In the last General Election, 10.3 million Ugandans or 63.5 per cent cast their ballots at 28,010 polling stations across the country out of the 15.2 million voters in the EC register.
Mr Ssemujju said since the revelation, they have written several letters to the EC seeking clarification but have received no response.
NUP’s spokesperson Joel Ssenyonyi told Daily Monitor that “we are simply doing the best we can otherwise we are dealing with a rigging machine.”
“Campaigns were halted in 13 districts. Our candidate has been the most harassed. Our supporters are arrested day and night, and EC knows all this. But since we know they just remote controlled from somewhere, what do you do?”
Since 1996 presidential elections have been messy, routinely marred by hateful propaganda, bloodshed, arbitrary arrests and inhumane treatment of Opposition actors, and thrice, President Museveni’s victories have been challenged in the Supreme Court.
In the last election, international election observers said the polls lacked a level electoral playing field, an increased prevalence of money in politics, misuse of state resources, and the “intimidating display” of gun-wielding military personnel and heavy police deployment nearly at every corner, including near polling stations added to the tense environment including disenfranchising voters, especially in Opposition strongholds.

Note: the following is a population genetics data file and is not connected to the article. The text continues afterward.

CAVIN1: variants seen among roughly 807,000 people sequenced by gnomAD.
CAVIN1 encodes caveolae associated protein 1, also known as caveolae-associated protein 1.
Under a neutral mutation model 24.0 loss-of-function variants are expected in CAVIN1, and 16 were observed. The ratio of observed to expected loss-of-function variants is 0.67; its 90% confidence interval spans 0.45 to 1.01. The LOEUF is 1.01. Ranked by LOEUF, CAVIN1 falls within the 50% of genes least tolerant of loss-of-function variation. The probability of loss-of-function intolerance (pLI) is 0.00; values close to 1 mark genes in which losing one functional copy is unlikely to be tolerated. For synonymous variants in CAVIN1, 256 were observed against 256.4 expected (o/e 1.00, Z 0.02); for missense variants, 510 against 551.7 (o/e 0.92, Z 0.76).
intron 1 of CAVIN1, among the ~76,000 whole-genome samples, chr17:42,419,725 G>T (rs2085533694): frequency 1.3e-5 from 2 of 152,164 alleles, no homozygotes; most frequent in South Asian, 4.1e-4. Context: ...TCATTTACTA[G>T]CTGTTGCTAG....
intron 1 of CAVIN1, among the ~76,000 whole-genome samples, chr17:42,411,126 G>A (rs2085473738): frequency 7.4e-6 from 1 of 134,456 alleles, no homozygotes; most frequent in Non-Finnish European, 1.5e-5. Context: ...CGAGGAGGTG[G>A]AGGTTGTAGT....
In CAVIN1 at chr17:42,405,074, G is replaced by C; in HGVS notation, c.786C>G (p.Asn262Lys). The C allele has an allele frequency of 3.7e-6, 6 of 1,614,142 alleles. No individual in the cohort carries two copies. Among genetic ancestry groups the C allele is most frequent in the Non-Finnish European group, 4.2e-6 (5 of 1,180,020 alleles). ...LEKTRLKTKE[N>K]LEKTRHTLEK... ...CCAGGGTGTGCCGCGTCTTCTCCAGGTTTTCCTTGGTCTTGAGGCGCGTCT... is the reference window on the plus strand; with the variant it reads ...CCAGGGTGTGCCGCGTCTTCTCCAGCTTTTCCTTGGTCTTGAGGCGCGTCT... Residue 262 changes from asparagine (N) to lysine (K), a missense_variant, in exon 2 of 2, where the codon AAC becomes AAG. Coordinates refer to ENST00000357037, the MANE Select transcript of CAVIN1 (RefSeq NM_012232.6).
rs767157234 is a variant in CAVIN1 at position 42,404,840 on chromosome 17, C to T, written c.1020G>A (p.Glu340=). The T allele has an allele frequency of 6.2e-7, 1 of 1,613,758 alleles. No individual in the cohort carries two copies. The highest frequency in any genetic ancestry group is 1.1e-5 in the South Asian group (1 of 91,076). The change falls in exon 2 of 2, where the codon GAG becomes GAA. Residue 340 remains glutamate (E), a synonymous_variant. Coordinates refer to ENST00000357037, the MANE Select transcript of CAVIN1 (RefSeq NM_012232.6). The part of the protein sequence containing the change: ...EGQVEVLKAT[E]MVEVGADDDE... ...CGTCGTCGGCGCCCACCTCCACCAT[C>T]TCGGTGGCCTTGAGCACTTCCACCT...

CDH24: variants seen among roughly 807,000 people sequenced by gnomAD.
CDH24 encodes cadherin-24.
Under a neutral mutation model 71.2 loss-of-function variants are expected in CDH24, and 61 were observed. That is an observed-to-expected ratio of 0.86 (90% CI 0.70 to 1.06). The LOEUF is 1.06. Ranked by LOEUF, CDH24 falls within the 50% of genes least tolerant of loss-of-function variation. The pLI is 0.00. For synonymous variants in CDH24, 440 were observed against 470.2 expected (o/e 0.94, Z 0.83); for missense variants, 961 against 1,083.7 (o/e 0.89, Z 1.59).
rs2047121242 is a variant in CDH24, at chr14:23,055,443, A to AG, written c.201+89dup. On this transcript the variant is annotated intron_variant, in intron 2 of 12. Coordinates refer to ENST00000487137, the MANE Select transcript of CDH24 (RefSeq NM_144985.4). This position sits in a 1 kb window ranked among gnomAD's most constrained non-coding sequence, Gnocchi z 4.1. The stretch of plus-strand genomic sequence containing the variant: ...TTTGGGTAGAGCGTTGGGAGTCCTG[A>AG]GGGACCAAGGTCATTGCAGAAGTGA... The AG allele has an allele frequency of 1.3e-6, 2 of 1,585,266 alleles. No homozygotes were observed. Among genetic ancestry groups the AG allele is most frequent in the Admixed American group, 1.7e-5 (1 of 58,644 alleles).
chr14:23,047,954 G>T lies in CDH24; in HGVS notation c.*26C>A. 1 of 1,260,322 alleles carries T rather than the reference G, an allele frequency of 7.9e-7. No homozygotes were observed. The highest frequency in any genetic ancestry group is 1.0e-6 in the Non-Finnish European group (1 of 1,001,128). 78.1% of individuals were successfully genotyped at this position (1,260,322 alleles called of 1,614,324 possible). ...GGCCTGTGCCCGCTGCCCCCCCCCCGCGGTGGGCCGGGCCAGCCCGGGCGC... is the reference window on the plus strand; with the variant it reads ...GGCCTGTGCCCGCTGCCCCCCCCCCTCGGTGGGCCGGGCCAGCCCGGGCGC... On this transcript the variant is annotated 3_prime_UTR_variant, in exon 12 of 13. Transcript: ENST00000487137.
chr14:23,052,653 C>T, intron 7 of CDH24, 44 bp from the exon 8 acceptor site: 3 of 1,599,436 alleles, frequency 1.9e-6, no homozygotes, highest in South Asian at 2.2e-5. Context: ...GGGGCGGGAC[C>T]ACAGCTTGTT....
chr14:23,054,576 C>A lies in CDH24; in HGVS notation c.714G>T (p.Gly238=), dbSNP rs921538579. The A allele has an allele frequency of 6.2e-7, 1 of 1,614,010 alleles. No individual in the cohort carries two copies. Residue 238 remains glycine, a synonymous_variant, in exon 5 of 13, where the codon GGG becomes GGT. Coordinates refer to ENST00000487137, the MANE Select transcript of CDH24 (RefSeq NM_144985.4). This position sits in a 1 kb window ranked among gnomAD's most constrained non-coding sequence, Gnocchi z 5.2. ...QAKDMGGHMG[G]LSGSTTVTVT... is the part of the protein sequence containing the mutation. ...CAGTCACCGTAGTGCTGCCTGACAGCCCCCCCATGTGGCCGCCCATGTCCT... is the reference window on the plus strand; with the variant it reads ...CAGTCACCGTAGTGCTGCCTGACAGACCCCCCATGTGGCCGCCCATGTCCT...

Mr Crispy Kaheru, an independent election observer, acknowledged that while there have been challenges in the administration of this election, it is possible we could save something if we’re all proactive as election stakeholders understanding that it’s a collective effort.
“There is a lot of anxiety across the country. There have been war drums sounded, a lot of sarcasm and all these thing are created to create the mistrust and paranoia you are seeing today,” he opined. “The environment significantly determines the participation of people in an election; when the environment is tense, fraught with violence, definitely the levels of participation are very low.”
As the country hurtles towards polling, politicians across the aisle should trade the battle trumpet with an olive-branch if Uganda is to avoid violent polls.